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Indoor Wildcat WR Gets Invite

By James Yodice
Journal Staff Writer
      By next month, Darren Haliburton will have left behind the modest trappings of the American Indoor Football Association for his first tangible shot at something bigger: the NFL.
    The 6-foot-2, 200-pound receiver/quarterback has been invited to the Minnesota Vikings' training camp next month, he said.
    It is his first chance to earn a spot on an NFL squad, and Haliburton is the only member of the New Mexico Wildcats who has received an invitation to an NFL camp.
    “It's a blessing,” Haliburton said. “I don't really talk about it too much, think about it too much. They just want me to keep playing, stay in shape so when I arrive I'll be ready to go.”
    With the Wildcats' first AIFA season down to four games, Haliburton has probably been the Wildcats' most consistent, and dynamic, wide receiver. He leads the receiving corps in catches (35), yards (506) and touchdowns (10).
    Those numbers didn't budge last week as New Mexico moved Haliburton — a former high school quarterback and college QB at South Florida — under center.
    “I'm very athletic, and I've been blessed to be able to play both positions as if it was my dominant position,” said Haliburton who was born and raised in Riviera Beach, Fla.
    The experiment didn't pan out as hoped. Previously winless Utah beat New Mexico 40-38 last Saturday.
    “We had a receiver playing quarterback,” Wildcats coach Floyd Johnson said. “That was the problem.”
    The Wildcats (2-9) are home Saturday night against the Arizona Adrenaline (8-2) at the Santa Ana Star Center.
    Haliburton is to return to receiver, as New Mexico this week signed quarterback B.J. Hall, who was playing in the Central Indoor Football League.
    The recent flux at QB was created when New Mexico traded starter Ronnie Simpson, a New Mexico Highlands product, to Arizona.
    As his replacement, Haliburton struggled mightily. The Wildcats were down as much as 31-0 late in the third quarter before rallying to nearly force overtime in the final minute of the game.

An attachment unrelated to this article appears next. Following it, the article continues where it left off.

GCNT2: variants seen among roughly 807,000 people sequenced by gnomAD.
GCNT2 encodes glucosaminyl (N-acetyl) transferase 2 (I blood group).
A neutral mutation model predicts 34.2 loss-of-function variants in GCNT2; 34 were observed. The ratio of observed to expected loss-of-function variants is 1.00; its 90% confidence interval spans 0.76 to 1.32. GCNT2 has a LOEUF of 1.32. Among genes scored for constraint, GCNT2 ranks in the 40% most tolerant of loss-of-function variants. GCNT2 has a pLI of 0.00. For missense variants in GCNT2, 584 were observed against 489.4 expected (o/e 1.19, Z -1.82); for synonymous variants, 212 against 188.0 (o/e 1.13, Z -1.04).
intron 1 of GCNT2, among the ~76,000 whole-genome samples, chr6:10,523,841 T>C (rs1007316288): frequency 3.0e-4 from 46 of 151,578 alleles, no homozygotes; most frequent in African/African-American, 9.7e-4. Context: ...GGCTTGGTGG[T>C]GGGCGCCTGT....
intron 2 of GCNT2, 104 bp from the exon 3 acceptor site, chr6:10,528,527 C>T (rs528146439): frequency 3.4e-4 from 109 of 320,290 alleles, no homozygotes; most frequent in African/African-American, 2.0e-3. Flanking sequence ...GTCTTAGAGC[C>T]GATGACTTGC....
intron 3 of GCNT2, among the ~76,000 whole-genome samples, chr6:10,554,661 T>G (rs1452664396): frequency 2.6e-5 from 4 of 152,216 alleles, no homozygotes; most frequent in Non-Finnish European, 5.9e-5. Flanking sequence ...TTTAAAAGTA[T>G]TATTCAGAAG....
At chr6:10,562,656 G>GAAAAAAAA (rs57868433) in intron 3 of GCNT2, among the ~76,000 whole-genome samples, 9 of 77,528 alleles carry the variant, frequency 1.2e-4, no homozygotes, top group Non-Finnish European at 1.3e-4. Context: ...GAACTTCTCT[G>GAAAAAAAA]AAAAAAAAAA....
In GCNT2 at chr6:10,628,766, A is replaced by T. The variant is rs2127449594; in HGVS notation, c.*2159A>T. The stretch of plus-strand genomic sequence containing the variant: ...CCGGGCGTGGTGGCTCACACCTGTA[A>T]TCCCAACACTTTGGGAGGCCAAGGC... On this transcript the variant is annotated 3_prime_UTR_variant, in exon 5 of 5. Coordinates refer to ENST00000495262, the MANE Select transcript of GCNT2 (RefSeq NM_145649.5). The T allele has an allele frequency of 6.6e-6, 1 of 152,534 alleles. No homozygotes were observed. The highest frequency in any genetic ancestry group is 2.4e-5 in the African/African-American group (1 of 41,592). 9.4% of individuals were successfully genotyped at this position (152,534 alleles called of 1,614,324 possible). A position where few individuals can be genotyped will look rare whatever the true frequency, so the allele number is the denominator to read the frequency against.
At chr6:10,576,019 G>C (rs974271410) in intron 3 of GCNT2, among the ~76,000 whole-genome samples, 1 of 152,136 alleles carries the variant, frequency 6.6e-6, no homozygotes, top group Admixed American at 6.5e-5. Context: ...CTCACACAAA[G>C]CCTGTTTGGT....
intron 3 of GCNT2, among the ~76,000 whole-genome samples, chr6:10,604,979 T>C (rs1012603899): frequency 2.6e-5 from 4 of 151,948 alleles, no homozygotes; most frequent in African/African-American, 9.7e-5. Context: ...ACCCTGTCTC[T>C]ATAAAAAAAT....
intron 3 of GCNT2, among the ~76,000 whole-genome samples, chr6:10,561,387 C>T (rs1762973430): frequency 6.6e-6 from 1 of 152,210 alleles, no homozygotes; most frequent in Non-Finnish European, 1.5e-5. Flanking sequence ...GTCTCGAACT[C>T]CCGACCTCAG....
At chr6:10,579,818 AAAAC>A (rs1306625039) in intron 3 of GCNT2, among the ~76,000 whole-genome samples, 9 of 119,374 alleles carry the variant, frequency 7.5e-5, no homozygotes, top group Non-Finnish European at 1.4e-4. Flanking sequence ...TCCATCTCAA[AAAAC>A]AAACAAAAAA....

Now he can go back to what he does best — catch passes. He's hoping that skill might lead to a job with the Vikings, which is definitely several long steps up from the AIFA. The indoor league pays players, on average, no more than $250 a game.
    Haliburton admitted ego must be set aside in a league like the AIFA — an obscure league that attracts little or no attention.
    “You do have to swallow your pride, because you have to remind yourself every day to use this game as a steppingstone to help you get to the next level,” said Haliburton in a recent interview.
    “If all you think of is the money, the money, the money, then you're gonna lose focus on what it takes to get to the big money. People in this situation should take full advantage of it. The money is not that great, but it's better than nothing. But you can make it great, if you take care of your responsibilities on and off the field,” he said.
    He'd desperately like to join one of his former high school teammates, Chicago Bears return specialist Devin Hester, in the NFL. The two played at Suncoast (Fla.) High, where Hester was a running back.
    “He's always been a jackrabbit, from Day One,” said Haliburton who became a full-time receiver at South Florida as a sophomore. “We still talk on the phone at least once a week, and he's an incredible guy.”